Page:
“I’m just very worried that with Internet privacy… we’re throwing out the baby with the bathwater. We’re not thinking about the tremendous good that can come from people sharing the right information with the right people in the right ways.”
— Larry Page, Google CEO, in a conversation Wednesday with Charlie Rose at the TED conference in Vancouver. As an example, Page talked about how he initially kept a secret an ailment that affected his voice. After Google co-founder Sergey Brin urged him to go public about it, Page said others began sharing their stories about similar problems. And as Brandon Bailey wrote, Page has encouraged more people to do the same.
So yes, Page and Google are in the information business. But he acknowledged that people have very real concerns about privacy, especially after the revelations of massive NSA spying — which included details about how the government scooped up information from users of services offered by Internet giants such as Google.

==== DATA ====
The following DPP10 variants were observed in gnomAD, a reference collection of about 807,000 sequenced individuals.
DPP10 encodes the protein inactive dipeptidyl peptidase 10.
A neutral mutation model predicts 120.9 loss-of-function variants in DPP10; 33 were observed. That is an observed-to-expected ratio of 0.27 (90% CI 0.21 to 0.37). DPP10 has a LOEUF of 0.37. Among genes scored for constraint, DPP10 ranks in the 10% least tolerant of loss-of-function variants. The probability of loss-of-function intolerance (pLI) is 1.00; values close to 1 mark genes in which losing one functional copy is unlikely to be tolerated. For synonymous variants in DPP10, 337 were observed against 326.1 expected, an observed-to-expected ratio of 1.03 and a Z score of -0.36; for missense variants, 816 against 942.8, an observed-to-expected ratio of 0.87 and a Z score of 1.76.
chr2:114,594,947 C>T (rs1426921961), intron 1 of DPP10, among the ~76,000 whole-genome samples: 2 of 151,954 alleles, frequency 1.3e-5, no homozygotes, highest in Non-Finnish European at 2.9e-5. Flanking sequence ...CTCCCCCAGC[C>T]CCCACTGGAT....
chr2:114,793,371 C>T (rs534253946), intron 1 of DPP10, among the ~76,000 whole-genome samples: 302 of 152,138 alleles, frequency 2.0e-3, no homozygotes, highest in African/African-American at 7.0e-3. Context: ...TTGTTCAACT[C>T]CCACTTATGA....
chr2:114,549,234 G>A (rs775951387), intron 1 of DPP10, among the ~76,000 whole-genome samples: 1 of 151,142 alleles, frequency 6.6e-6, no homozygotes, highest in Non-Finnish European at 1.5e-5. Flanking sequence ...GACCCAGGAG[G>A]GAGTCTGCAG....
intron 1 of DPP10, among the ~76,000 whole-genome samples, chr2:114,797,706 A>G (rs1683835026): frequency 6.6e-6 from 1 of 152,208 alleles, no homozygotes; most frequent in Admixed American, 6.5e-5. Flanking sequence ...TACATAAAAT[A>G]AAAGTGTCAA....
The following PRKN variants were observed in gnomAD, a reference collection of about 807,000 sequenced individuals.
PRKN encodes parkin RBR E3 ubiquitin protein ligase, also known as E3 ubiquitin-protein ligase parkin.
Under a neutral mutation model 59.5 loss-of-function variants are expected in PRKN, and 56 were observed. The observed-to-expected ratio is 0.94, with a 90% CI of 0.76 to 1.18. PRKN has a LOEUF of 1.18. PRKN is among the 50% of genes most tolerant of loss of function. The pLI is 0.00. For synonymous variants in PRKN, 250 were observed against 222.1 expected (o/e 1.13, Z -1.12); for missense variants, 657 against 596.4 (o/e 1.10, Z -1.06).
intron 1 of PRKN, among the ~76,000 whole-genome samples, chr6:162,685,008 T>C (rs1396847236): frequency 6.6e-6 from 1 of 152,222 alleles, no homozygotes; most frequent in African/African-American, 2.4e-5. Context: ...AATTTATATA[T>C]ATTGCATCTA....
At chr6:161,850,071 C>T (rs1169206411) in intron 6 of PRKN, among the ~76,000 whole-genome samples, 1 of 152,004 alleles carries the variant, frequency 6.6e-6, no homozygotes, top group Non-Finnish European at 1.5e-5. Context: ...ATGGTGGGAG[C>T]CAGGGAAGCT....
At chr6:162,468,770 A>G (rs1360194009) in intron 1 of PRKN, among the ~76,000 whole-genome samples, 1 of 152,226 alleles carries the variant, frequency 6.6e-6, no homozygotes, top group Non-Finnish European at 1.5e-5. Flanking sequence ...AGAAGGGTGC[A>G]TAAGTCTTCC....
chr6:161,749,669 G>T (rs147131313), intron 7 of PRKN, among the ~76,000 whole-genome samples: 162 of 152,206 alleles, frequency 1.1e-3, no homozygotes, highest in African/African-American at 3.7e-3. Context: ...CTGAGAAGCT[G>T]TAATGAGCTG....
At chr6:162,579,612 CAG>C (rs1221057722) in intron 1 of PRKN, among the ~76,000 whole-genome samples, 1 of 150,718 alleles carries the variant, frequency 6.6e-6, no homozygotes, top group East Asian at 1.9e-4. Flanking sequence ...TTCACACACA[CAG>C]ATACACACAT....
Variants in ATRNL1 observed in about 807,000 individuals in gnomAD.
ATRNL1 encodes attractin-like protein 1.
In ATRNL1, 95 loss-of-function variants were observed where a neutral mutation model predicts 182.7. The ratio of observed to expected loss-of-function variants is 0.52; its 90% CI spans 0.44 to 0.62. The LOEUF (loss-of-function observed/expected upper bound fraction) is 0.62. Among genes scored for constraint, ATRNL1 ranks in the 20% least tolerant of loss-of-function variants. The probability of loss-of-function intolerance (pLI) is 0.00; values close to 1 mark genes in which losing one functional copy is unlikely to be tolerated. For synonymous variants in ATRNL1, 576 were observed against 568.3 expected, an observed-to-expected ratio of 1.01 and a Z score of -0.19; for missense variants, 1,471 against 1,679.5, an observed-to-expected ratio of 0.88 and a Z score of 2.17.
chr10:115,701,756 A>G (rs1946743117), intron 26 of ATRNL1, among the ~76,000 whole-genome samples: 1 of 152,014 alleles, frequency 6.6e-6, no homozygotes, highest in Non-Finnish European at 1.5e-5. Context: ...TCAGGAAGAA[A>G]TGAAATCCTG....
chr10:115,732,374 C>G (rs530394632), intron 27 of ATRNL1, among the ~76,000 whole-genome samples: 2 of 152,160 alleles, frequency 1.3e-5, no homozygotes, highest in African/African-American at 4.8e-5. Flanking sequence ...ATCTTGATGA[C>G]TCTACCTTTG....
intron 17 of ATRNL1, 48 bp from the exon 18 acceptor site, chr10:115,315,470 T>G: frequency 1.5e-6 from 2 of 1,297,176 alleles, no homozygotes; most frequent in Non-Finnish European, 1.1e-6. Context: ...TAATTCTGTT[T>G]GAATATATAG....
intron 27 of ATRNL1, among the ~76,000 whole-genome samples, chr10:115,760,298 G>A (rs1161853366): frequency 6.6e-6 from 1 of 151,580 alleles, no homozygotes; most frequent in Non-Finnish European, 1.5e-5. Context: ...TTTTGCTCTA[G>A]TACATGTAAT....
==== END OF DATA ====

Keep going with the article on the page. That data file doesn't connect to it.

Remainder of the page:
“It is disappointing that the government secretly did this stuff and didn’t tell us about it,” Page said. (By the way, the top counsel of the National Security Agency said at a hearing Wednesday that tech companies did know about it, although he seemed to be talking only about certain information collected by the government.)
Page’s comments echo those of Facebook CEO Mark Zuckerberg, who recently wrote that he called President Obama personally to complain about continuing reports that basically make it look like the government can access online users’ information without the companies knowing about it.
Photo of Larry Page from Associated Press archives